Homovanillic Acid (HVA), 24 Hour, Urine
Screening children for catecholamine-secreting tumors with a 24-hour urine collection when requesting homovanillic acid only
Monitoring neuroblastoma treatment
Screening patients with possible inborn errors of catecholamine metabolism
Clinical Information Discusses physiology, pathophysiology, and general clinical aspects, as they relate to a laboratory test
Homovanillic acid (HVA) and other catecholamine metabolites (vanillylmandelic acid [VMA] and dopamine) are typically elevated in patients with catecholamine-secreting tumors (eg, neuroblastoma, pheochromocytoma, and other neural crest tumors). HVA and VMA levels may also be useful in monitoring patients who have been treated as a result of the above-mentioned tumors. HVA levels may also be altered in disorders of catecholamine metabolism; monamine oxidase-A deficiency can cause decreased urinary HVA values, while a deficiency of dopamine beta-hydrolase (the enzyme that converts dopamine to norepinephrine) can cause elevated urinary HVA values.
Reference Values Describes reference intervals and additional information for interpretation of test results. May include intervals based on age and sex when appropriate. Intervals are Mayo-derived, unless otherwise designated. If an interpretive report is provided, the reference value field will state this.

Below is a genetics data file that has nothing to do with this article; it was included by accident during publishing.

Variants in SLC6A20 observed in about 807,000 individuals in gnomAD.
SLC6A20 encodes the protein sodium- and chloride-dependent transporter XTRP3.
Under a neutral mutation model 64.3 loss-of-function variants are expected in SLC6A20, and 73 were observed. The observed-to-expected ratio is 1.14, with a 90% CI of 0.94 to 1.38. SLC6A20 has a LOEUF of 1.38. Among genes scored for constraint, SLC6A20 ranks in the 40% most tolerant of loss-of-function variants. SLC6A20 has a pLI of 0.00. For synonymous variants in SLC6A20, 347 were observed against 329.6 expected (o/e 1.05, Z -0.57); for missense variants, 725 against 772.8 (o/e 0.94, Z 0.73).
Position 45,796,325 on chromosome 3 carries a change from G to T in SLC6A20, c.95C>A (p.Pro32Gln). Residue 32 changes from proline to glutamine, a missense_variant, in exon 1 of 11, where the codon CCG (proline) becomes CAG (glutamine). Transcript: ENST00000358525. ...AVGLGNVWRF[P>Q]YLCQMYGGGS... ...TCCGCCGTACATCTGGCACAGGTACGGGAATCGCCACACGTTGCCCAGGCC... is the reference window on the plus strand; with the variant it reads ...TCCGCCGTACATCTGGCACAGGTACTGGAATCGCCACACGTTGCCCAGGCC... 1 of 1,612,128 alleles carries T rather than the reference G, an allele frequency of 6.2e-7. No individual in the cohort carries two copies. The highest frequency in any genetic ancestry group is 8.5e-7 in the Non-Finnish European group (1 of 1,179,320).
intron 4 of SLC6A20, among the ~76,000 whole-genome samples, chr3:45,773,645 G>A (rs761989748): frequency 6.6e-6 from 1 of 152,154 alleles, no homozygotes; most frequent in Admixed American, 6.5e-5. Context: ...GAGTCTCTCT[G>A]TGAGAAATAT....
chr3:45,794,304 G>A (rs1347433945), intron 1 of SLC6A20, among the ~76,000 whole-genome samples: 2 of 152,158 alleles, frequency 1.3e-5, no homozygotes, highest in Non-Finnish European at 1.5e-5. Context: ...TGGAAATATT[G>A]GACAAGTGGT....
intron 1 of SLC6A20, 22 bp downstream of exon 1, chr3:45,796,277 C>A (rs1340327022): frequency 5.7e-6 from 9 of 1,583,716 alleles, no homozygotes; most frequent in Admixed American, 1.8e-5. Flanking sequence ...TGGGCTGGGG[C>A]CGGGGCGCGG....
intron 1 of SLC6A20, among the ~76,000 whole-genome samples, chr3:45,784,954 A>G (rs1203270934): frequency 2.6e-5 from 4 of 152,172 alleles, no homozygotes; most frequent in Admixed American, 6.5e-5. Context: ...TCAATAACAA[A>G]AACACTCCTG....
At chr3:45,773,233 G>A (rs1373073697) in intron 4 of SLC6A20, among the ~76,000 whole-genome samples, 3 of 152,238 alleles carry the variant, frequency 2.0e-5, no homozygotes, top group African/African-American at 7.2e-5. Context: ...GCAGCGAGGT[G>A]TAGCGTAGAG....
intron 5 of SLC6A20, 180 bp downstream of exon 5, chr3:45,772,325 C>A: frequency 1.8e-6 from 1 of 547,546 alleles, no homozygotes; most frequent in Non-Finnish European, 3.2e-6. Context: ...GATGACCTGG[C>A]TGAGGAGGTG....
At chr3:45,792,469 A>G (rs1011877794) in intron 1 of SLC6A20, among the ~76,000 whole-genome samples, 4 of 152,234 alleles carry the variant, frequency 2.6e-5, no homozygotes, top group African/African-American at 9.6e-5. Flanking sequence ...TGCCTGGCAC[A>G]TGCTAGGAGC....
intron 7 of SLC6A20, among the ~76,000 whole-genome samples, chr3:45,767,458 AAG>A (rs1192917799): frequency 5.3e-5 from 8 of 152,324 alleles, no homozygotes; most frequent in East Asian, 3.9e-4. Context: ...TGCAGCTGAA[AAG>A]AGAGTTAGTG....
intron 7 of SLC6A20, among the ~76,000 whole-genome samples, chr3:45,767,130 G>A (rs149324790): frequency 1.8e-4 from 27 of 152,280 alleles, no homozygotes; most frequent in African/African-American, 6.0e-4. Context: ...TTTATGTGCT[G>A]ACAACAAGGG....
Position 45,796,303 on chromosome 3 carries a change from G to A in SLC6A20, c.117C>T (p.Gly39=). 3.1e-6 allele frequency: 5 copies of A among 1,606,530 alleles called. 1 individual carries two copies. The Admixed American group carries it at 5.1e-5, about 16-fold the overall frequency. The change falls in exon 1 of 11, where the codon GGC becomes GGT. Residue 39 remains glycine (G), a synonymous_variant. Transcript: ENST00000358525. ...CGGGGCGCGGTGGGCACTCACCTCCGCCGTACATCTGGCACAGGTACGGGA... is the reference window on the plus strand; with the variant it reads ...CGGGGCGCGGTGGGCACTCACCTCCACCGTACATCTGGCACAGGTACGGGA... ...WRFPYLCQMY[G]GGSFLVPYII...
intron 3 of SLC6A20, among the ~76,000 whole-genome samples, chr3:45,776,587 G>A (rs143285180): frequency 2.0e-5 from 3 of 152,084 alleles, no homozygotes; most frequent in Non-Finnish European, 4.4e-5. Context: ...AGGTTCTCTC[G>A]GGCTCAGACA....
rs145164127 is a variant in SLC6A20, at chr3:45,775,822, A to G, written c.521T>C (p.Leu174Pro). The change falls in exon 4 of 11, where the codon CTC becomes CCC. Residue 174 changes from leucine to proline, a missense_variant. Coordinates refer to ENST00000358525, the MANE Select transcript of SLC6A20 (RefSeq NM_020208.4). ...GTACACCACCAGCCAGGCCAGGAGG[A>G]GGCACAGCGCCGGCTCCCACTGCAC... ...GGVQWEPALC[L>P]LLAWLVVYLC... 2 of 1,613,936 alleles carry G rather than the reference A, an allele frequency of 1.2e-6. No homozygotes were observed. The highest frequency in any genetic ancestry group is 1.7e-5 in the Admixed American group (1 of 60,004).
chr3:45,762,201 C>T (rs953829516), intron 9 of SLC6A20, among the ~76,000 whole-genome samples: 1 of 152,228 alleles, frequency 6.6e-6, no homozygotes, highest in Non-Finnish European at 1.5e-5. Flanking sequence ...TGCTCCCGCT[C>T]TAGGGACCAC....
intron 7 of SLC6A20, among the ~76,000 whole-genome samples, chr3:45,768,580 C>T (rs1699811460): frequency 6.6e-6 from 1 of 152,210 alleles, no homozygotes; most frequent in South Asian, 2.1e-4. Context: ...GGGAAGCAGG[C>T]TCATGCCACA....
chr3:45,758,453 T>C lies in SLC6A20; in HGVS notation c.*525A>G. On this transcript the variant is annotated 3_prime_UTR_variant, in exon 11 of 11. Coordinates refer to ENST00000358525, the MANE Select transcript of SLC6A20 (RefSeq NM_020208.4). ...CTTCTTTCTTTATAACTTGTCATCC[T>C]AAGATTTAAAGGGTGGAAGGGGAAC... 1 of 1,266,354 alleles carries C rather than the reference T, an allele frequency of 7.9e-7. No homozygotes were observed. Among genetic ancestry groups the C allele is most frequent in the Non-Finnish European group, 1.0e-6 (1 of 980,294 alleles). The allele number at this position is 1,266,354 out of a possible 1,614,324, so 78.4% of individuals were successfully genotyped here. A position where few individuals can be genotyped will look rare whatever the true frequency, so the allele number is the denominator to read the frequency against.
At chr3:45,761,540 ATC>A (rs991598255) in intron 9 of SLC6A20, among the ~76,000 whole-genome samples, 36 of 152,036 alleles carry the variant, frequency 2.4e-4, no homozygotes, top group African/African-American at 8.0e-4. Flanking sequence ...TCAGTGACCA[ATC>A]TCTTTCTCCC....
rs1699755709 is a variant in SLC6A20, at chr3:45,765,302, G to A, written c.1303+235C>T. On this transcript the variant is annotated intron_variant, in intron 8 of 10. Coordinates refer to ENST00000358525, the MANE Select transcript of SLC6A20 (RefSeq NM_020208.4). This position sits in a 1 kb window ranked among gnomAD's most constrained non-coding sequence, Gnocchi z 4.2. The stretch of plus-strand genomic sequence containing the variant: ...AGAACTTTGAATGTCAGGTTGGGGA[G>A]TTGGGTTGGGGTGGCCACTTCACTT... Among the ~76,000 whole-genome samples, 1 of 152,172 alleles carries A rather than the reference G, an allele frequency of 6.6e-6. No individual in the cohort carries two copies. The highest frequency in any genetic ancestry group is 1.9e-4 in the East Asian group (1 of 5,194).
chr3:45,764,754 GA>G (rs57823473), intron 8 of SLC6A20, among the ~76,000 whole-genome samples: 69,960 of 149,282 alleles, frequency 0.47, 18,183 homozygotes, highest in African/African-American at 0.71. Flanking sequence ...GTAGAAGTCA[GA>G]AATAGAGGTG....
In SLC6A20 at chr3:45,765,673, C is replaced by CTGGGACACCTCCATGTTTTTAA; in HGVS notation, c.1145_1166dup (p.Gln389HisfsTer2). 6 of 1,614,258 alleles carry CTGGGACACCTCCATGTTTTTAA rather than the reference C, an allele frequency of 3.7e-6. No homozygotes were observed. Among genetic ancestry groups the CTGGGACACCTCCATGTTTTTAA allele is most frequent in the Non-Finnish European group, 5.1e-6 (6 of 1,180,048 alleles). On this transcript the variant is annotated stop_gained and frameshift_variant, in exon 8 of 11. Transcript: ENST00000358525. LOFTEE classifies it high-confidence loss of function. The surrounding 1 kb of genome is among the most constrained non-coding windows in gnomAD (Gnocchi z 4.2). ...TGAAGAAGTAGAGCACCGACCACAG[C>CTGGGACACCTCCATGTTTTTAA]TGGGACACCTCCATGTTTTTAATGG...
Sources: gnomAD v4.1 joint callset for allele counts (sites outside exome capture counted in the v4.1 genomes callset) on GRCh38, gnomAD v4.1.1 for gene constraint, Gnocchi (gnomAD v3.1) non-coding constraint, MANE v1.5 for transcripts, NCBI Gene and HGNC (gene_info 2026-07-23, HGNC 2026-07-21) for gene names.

<1 year: <35.0 mg/g creatinine
1 year: <30.0 mg/g creatinine
2-4 years: <25.0 mg/g creatinine
5-9 years: <15.0 mg/g creatinine
10-14 years: <9.0 mg/g creatinine
> or =15 years (adults): <8 mg/24 hours
Vanillylmandelic acid (VMA) and/or homovanillic acid (HVA) concentrations are elevated in over 90% of patients with neuroblastoma; both tests should be performed. A positive test could be due to a genetic or nongenetic condition. Additional confirmatory testing is required.
A normal result does not exclude the presence of a catecholamine-secreting tumor.
Elevated HVA values are suggestive of a deficiency of dopamine beta-hydrolase, a neuroblastoma, a pheochromocytoma, or may reflect administration of L-dopa.
Decreased urinary HVA values may suggest monamine oxidase-A deficiency.
Cautions Discusses conditions that may cause diagnostic confusion, including improper specimen collection and handling, inappropriate test selection, and interfering substances
Administration of L-dopa may falsely increase homovanillic acid (HVA) results. Patients receiving L-dopa should stop taking it for 24 hours before and during the collection.
All patients receiving L-dopa should be identified to the laboratory when vanillylmandelic acid (VMA) and HVA tests are ordered.
Bactrim may interfere with detection of the analyte. All patients taking Bactrim should be identified to the laboratory when VMA and HVA tests are ordered.
Clinical Reference Provides recommendations for further in-depth reading of a clinical nature
1. Hyland K, Biaggioni I, Elpeleg OH, et al: Disorders of neurotransmitter metabolism. In Physician's Guide to the Laboratory Diagnosis of Metabolic Disease, Chapman and Hall Medical. Edited by N Blau, M Duran, ME Blaskovics. London, UK. 1996, pp 79-98
2. Hyland K: Presentation, diagnosis, and treatment of the disorders of monoamine neurotransmitter metabolism. Sem Perinatol 1999;23:194-203
3. Strenger V, Kerbl R, Dornbusch HJ, et al: Diagnostic and prognostic impact of urinary catecholamines in neuroblastoma patients. Pediatr Blood Cancer 2007;48:504-509
4. Barco S, Gennai I, Reggiardo G, et al: Urinary homovanillic and vanillylmandelic acid in the diagnosis of neuroblastoma: report from the Italian Cooperative Group for Neuroblastoma. Clin Biochem 2014 June;47(9):848-852